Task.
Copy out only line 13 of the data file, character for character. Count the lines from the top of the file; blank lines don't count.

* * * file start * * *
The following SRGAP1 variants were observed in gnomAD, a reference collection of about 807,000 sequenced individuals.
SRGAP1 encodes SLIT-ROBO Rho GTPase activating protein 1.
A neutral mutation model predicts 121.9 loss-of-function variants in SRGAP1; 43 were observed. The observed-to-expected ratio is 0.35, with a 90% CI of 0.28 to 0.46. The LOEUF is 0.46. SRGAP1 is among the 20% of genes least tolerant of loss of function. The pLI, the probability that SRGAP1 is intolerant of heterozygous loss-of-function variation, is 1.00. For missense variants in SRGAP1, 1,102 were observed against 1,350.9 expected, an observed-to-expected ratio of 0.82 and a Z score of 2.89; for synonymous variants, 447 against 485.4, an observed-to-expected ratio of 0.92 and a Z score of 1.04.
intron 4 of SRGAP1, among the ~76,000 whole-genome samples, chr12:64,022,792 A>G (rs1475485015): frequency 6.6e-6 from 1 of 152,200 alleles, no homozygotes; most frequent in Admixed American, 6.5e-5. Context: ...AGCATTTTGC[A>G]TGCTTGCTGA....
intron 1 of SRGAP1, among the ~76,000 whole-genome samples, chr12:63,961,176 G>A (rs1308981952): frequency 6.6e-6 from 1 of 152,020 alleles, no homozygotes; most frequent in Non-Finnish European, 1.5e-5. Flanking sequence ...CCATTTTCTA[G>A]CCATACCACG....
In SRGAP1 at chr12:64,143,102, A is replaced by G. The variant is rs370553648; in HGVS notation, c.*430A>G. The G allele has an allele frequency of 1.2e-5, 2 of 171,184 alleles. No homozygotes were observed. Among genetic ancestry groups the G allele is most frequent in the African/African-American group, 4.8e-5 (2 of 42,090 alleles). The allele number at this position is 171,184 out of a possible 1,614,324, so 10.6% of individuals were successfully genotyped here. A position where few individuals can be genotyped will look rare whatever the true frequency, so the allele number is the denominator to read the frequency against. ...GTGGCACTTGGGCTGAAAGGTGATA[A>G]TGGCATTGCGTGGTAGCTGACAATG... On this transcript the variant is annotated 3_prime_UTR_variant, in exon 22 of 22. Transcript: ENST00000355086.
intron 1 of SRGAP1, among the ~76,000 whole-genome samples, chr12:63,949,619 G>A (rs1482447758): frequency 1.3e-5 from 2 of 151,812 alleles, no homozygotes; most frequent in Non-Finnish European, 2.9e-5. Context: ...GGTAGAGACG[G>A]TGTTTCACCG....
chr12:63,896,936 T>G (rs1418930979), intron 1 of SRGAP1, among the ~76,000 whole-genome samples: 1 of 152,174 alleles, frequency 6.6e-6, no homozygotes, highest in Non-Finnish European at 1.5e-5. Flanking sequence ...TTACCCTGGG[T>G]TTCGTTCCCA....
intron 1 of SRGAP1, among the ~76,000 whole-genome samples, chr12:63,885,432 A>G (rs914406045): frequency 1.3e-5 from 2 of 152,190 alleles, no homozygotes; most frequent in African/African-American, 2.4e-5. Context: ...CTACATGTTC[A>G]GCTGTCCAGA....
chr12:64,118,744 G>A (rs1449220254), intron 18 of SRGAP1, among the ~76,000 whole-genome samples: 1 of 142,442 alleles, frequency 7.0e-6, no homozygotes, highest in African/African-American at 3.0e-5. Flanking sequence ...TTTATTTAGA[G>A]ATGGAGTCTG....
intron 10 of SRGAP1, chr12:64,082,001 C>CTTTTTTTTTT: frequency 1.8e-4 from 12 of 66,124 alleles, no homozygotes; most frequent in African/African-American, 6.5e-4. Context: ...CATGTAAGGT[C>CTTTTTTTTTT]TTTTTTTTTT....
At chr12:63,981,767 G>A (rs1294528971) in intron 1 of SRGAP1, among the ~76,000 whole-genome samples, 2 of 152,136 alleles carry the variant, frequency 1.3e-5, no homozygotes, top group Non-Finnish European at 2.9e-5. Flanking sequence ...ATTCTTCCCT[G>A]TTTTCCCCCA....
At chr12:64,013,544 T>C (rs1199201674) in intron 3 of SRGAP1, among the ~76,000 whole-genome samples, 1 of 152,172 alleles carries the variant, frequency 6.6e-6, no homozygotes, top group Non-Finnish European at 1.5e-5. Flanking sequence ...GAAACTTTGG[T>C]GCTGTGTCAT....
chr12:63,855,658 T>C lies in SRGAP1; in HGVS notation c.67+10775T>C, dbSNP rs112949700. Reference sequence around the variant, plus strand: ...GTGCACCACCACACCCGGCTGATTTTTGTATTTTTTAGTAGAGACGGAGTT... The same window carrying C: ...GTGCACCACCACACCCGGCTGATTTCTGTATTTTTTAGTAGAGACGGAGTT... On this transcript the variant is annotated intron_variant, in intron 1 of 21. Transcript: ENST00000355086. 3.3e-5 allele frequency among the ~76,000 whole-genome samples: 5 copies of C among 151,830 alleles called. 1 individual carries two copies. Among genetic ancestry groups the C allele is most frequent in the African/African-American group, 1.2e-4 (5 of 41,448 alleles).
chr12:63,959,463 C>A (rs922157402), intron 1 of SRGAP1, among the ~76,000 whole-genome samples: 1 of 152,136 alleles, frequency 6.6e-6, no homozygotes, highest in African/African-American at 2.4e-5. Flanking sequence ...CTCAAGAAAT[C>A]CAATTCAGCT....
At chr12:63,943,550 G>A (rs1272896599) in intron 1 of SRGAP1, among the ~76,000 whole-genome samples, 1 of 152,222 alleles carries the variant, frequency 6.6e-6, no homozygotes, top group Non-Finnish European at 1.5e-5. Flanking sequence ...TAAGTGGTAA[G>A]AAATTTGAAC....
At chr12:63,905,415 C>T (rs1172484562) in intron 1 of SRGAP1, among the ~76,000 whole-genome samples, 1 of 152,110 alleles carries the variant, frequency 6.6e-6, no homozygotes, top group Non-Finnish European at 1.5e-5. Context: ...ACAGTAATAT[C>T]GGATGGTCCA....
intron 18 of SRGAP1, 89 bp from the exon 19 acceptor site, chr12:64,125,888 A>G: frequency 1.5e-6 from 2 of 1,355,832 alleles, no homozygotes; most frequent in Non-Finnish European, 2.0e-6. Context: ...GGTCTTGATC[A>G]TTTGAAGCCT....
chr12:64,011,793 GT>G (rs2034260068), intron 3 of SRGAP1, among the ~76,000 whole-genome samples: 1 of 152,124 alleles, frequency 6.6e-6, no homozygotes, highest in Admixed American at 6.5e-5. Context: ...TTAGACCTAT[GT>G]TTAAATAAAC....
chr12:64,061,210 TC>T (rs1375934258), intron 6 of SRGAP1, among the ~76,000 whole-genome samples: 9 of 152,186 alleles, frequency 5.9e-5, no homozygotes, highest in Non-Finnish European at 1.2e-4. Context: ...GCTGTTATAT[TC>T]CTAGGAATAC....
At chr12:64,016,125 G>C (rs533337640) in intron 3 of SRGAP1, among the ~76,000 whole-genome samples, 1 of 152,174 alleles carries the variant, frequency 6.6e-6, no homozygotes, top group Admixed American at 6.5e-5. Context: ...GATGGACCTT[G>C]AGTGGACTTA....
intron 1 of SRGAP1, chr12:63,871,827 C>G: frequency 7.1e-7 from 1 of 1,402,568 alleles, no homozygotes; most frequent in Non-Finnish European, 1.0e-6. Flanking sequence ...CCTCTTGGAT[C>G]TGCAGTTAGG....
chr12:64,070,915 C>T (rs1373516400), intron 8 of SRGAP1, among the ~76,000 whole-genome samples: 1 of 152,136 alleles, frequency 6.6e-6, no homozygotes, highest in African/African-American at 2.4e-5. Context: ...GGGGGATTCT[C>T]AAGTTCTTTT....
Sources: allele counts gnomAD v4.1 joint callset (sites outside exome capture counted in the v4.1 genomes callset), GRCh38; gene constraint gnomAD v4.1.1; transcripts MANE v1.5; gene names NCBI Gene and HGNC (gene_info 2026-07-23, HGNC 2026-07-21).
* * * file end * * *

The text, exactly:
At chr12:64,013,544 T>C (rs1199201674) in intron 3 of SRGAP1, among the ~76,000 whole-genome samples, 1 of 152,172 alleles carries the variant, frequency 6.6e-6, no homozygotes, top group Non-Finnish European at 1.5e-5. Flanking sequence ...GAAACTTTGG[T>C]GCTGTGTCAT....